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13

I can't take credit for this, I read it somewhere else. I am running Mint 13, Cinnamon. If you are using MS Wireless: Boot System Log in Unplug mouse receiver from USB port Plug receiver back in Voila Mouse Wheel scrolling set to reasonable speed.


11

I have installed WizMouse which allows scrolling in background/non-focus windows (as per standard Mac behaviour) which should solve the issue - and in my opinion should be default mouse behaviour anyway :) To be clear, it doesn't need to grab the focus and bring the window to the front, just allows you to scroll in the background. Hope that helps.


10

There is a solution using AutoHotKey posted on google groups: Using Logitech Performance Mouse MX... Downloaded AutoHotKey software In the AutoHotkey.ahk file, added these to do nothing for Cntrl+MouseWheelScrolling ^WheelDown::return ^WheelUp::return


10

The extension Chrome Toolbox might be of interest to you: I have not tested it on OSX but it's working for Windows 7 and there should not be compatibility problems there.


6

Check out WizMouse: "Makes your mouse wheel behave the way it always should have." Works on 32 and 64 bit versions of Windows 2000, XP, Vista and Windows 7 * Scrolls windows under the mouse without having to click first * Enables the mouse wheel in applications that don't support mouse wheels


5

It doesn't look like its possible within chrome at this point, but you could do it from the mouse side. Depending on the drivers for your mouse, you could set ctrl-scroll as a "shortcut" to actually do nothing - essentially capturing the combination and throwing it away. Some drivers will even let you specify this for only within a certain application, at ...


5

I don't know of any way to disable scrolling, but you could use Ctrl+0 to return to 100% at any time--no need to refresh the page.


5

It's possible with AutoHotkey. Try this script for instance: Using Keyboard Numpad as a Mouse. It uses the Numeric Pad to emulate a mouse. When on, NumPad+ and Numpad- emulates the mouse wheel.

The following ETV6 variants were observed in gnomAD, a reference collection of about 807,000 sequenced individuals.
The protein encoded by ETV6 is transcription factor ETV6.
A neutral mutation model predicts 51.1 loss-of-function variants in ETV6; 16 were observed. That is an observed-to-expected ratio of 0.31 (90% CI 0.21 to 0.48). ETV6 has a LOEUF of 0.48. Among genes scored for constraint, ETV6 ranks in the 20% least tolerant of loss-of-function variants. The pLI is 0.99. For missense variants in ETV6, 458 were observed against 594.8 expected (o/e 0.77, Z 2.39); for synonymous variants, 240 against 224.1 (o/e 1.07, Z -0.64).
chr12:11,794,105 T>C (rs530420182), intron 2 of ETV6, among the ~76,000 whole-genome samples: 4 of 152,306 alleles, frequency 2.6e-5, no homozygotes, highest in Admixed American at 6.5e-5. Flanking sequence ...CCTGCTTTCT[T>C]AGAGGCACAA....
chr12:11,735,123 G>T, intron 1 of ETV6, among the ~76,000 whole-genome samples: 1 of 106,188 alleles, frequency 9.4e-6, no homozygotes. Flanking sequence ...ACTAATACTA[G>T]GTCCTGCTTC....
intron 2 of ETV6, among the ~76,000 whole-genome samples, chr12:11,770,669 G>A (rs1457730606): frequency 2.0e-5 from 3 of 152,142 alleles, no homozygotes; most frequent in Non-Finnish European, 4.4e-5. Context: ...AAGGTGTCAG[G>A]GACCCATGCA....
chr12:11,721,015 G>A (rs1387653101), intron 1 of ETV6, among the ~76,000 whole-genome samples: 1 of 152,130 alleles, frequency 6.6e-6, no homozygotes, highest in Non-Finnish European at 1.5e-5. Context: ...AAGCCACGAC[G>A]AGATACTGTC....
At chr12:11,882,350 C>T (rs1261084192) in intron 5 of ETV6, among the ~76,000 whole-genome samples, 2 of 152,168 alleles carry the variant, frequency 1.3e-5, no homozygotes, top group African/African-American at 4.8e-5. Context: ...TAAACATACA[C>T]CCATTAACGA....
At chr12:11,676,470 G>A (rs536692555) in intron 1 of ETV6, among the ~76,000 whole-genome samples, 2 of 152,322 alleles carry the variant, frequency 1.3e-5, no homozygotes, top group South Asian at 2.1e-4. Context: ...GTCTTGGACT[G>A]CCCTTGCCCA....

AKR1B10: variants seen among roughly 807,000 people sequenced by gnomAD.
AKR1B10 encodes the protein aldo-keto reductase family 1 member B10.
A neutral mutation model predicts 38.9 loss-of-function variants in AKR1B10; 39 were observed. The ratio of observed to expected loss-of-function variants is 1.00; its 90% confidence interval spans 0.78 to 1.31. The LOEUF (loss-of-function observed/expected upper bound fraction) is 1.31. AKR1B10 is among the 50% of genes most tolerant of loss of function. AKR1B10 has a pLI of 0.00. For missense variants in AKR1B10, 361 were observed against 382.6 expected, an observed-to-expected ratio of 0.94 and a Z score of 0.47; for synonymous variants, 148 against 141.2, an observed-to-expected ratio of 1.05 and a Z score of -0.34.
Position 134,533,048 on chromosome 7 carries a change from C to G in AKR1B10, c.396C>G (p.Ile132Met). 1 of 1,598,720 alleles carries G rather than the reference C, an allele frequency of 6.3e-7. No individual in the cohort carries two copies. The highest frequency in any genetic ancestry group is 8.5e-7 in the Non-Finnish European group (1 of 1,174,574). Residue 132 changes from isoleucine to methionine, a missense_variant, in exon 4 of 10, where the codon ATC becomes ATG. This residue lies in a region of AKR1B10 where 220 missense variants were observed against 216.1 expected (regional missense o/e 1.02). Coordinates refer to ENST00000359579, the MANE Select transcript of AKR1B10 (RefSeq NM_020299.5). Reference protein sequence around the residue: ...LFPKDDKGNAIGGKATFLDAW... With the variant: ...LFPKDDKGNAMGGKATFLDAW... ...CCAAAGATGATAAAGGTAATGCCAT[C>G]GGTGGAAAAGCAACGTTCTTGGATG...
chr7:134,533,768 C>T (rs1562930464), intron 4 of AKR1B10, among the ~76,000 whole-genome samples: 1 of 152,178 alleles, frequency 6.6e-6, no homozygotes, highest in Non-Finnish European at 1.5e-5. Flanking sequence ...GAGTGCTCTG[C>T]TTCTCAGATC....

5

Old question, but: while this is not possible in urxvt, I made some changes that will add an option (secondaryWheel) to do exactly that, and make it behave like VTE-based terminals. What this new option does, is pretty simple: when using the mouse wheel, if you’re on secondary screen(*) then no scrolling will occur, and instead 3 “fake” keystrokes will be ...


5

I have found a solution. There is apparently a bug in Chrome that cause some incompatibility with mouse wheel extenders such as KatMouse, which I happen to use. Rob Boek has documented a workaround, where changing some settings in KatMouse solves the problem.


4

I found the problem. It has to do with the DPI switch of the mouse. It has been pushed into the casing of the mouse which made it act like that. After freeing the button (and reinserting the batteries) it worked again.


4

AutoHotKey could do this. MButton::Send {LButton 2}


4

In Firefox the zoom function can be disabled via its corresponding setting in about:config. For Chrome: I have found a free little application called AlwaysMouseWheel which does the trick. It is made for another purpose (which I find useful too) but does prevent the zooming in Chrome. For IE: However, that application doesn't disable the zooming. So I am ...


4

Open about:config and set the preference: For Firefox 17+: mousewheel.with_control.delta_multiplier_y = -100 // default 100 For Firefox <=16: mousewheel.withcontrolkey.numlines = -1 // default 1


4

Dont know where from this problem comes. but we can have an alternative solution to that. Depending on the drivers for your mouse, you could set ctrl-scroll as a "shortcut" to actually do nothing - essentially capturing the combination and throwing it away. Some drivers will even let you specify this for only within a certain application, at which point ...


3